One lawyer found out about coverage denial the hard way. Patrice L. Goldman, a fifth-year associate at a San Francisco firm, was denied coverage by the insurance carrier recommended by the state bar association, despite perfect physical health, solely because she was in counseling. She was seeing a therapist to cope with anxiety and depression caused by her father’s failing health.14 Claudia Center, a lawyer with the Employment Law Center of San Francisco, which filed an ADA suit against the insurance company, said "In this case, the insurance company viewed anyone in counseling or diagnosed with any mental health condition to be so incapable of working that they were actually uninsurable for disability income insurance. It is ironic that the individuals who take affirmative steps to seek the services they need to stay well and to manage their work lives are the very people excluded from disability income insurance."15
Reidy notes that most "disputes in claims come from the income issue at the time of application"—the ability of the insured to prove his income. Similarly, Peter Giannini, a sole practitioner in Los Angeles, notes the problems with proving your income: "The benefits from disability coverage are illusory. In order to get the kind of coverage you need, you’ve got to prove your income. If you’re an LLP or a professional corporation, all of your expenses go out first and then your income is figured. So, when you figure it that way, the payments just aren’t enough to really get along."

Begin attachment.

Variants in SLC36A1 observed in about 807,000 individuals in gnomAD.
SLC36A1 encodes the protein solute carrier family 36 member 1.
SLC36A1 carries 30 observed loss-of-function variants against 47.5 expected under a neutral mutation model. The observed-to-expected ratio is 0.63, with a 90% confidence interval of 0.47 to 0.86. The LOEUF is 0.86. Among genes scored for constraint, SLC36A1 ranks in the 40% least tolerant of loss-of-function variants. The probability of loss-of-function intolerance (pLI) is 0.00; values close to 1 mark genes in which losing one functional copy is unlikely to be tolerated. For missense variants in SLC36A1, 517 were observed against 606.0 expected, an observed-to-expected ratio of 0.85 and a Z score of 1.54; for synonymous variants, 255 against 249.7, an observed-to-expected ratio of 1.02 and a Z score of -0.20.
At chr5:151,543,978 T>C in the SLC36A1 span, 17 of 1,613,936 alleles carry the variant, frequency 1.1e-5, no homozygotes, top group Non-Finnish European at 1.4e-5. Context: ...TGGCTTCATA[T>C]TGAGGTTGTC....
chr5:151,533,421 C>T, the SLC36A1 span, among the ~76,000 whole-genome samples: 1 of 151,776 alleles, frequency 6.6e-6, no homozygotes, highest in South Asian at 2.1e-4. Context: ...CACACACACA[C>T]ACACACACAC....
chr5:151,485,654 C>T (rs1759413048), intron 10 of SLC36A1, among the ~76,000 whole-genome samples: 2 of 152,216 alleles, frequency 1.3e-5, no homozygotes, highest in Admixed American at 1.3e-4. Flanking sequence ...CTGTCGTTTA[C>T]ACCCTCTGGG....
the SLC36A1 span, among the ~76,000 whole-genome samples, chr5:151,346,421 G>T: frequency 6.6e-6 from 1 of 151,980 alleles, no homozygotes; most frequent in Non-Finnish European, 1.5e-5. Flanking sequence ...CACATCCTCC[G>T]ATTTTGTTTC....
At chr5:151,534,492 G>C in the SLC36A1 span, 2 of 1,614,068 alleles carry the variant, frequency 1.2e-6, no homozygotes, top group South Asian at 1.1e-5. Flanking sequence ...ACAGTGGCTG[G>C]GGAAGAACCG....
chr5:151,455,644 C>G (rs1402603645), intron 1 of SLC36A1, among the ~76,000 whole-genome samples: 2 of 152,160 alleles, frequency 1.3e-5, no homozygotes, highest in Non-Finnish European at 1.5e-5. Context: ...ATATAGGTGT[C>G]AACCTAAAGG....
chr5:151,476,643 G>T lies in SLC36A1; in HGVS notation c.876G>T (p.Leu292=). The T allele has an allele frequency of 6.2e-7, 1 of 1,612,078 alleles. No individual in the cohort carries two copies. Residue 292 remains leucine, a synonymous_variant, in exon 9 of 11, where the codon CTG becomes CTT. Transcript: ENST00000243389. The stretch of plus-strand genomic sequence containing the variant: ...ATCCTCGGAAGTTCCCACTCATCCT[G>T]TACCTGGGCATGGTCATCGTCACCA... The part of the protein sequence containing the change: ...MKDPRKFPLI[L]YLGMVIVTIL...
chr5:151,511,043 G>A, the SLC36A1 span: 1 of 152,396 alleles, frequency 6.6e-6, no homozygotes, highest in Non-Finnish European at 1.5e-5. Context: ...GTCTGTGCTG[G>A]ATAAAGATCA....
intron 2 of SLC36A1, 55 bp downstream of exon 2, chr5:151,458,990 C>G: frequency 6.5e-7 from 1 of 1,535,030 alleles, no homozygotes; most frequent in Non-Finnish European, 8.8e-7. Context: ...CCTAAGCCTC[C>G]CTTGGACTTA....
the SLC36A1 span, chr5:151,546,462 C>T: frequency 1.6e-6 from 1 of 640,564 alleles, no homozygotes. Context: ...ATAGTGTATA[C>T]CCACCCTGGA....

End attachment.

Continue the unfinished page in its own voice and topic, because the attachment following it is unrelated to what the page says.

A final area of contention in litigation is whether you meet all of the insurance company’s criteria for disability. According to Schack, "the real fight is whether there is total disability or not—it becomes a war of doctors."
There certainly are instances where disability insurance is unnecessary. Lloyd-Rees says, "If you are independently wealthy, then you would not need disability insurance." As long as you can bring in a steady monthly income, regardless of whether or not you work, then you do not need disability insurance.
If you have a network of close friends and family that you can turn to in times of financial trouble, perhaps you don’t need disability insurance. Reidy recalls instances in which practitioners were in accidents and their "firm and friends have to help them raise funds" to pay for the disability—health care costs, etc—and the loss of income.
Perhaps you figure that you will be able to work despite the disability. Schack warns that such a decision can be risky. He cites a case in which a physician became disabled—"his disability prevented him from properly practicing medicine. He tried to practice, but was increasing his liability by doing this." The moral of the story for lawyers, he says, is that "If you are not fully able to practice, [but decide to anyway], you are subjecting yourself to [increased exposure to] liability and malpractice suits."
And there’s always Social Security Insurance. But Lloyd-Rees warns, "Social security has a five month waiting period and very strict definitions of disability. [In addition, typically] they only pay if they think you will be disabled for more then 12 months." CL